James Black Biography (1924-)
Sir James Black was one of the founders of a revolution in the way pharmaceutical companies search for medicines. He developed a method of discovering andevaluating new medicines by studying the basic biological mechanisms that underlie disease. His approach led to new, more effective treatments for heartailments, including heart attack, and to the first successful drug to treat ulcers. For his pioneering efforts, Black shared the 1988 Nobel Prize for physiology or medicine with George H. Hitchings and Gertrude Belle Elion of Burroughs Wellcome Co. in the United States.
James Whyte Black was born on June 14, 1924, in Uddingston, Scotland, to a working-class family. His father was a Scottish coal miner who worked his way up to mining engineer. Black was the youngest of four sons. One of his older brothers studied medicine and Black soon followed in his footsteps. At age fifteen, he won a residential scholarship to St. Andrew's University, where he received his medical degree in 1946. He remained as an assistant lecturer from1946 to 1947 before traveling to Malaysia to serve as a senior lecturer in physiology at the University of Malaya from 1947 to 1950. He returned to Scotland in 1950 and lectured in physiology at Glasgow Veterinary School until 1958. During this time he began research on the mechanism of increase in gastricsecretions caused by the body's production of histamine. This research formed the basis for his later work on blocking histamine receptors (chemical groups in plasma membrane or cell interior that have an affinity for a specific chemical or compound, in this case histamine) to reduce gastric secretions. During his time in Glasgow, Black also became familiar with the alpha and betaadrenergic receptors , which are responsible for regulating heart beat.
Black joined Imperial Chemical Industries in 1958. There he sought better ways of treating angina pectoris , a painful disease caused by insufficient oxygenation of the heart. The painful episodes suffered by angina patients are caused by increased heart rate, which increases the heart's requirement for oxygen. Black's research led him to theorize that a drug that would neutralize the effects of the hormones adrenaline and noradrenaline, which mediate heartrate, would relieve the symptoms of angina.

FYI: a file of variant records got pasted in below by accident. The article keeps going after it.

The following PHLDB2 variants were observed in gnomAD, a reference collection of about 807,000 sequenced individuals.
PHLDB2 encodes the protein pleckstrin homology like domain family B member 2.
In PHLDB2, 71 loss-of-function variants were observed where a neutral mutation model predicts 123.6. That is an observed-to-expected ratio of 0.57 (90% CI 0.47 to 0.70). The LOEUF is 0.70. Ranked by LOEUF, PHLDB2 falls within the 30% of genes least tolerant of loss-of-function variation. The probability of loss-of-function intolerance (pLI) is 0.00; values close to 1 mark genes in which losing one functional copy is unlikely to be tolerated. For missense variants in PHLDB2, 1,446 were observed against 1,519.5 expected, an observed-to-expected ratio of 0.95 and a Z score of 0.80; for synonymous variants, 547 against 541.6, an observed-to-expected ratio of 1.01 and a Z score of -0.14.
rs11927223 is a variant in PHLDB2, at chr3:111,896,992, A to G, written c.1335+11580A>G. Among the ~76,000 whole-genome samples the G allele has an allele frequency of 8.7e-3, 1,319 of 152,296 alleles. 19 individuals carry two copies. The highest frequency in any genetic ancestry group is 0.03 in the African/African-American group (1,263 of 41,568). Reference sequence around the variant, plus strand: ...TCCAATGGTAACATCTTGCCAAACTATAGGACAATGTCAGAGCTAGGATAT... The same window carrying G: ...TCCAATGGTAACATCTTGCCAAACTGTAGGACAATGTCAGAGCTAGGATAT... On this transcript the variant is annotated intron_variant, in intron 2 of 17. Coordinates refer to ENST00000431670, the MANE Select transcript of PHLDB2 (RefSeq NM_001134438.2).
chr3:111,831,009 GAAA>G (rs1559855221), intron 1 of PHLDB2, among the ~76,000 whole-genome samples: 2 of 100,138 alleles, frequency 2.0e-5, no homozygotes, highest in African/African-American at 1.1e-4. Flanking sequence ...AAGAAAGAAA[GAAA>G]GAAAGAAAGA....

The existence of receptors for these hormones had been understood since 1948,when the biochemist Raymond P. Ahlquist first described their action. Blackdeveloped a chemically similar but nonfunctional version of the active hormones that would block one of these receptors, the beta receptor. His first studies were with analogs of isoprenaline , a compound similar to noradrenaline.One of these analogs, known as propanolol or the trade name Inderol , had thedesired effect. It constricted heart muscle, stopping angina attacks.
In 1964 Black joined the British subsidiary of Smith Kline & French Laboratories. There he worked on new approaches to treating intestinal ulcers. Black knew from his earlier studies that histamine stimulated the secretion of excess acid that causes ulcers. The antihistamines in use at that time inhibited muscle contractions but not acid secretion. Black attacked the problem using the same strategy that worked in the development of the angina treatment--he sought a chemical that would inhibit histamine receptors , blocking the action of the hormone . Many thousands of compounds were tested. Finally in 1972 a partial histamine receptor antagonist was found, guanylhistamine. Unfortunately, it had serious side effects and clinical tests were halted in 1974. After further modification to the chemical structure, Black's group introducedcimetidine, now known as Tagamet (registered trademark), a successful ulcerdrug.
Black himself left Smith Kline in 1973. He spent four years as head of the department of pharmacology at University College in London. Then in 1978 he returned to industry, accepting a post as director of therapeutic research at the Wellcome Research Laboratories in Kent. He remained there until 1984, whenthe lure of academia led him to King's College of Medicine and Dentistry, where he remains today.
In 1988 Black was honored with the Nobel Prize in physiology or medicine, anaward he shared with George Hitchings and Gertrude Elion, pharmaceutical researchers from Burroughs Wellcome in the United States. It is unusual for the prize to go to pharmacologists, and the award was a recognition of a truly outstanding contribution to medicine.
Black's success in designing new medicines may be attributed in part to the rational method he employed. Instead of randomly searching for chemicals witha physiological effect, he sought to understand the underlying biological processes and designed drugs that mimic life processes. To test his drugs, he designed "bioassays" that tested how well his drugs would work in the body.
Black is a shy man who does not like to publicize his personal life. He is said to enjoy reading beyond his scientific subjects, music, and the arts. He was married for many years; his wife, Hilary, died in 1987. The couple had onedaughter, Stephanie. Black has received several awards and honorary degreesfor his work. He was elected to the Royal Society of London in 1976 and received its Mullard Award in 1978. He received the Albert Lasker Clinical Medicine Award in 1976 and was elected a foreign associate of the U.S. National Academy of Sciences in 1991. He was knighted in 1981.
July 14, 2004: Black was awarded one of the Royal Society's three 2004Royal Medals "for his work in both academia and industry, pioneering a new era of rational drug discovery. His work has played a major influence in elevating British pharmacology and pharmaceutical research to its current eminentinternational stature." Source: Royal Society, www.royalsoc.ak.uk, July 14, 2004.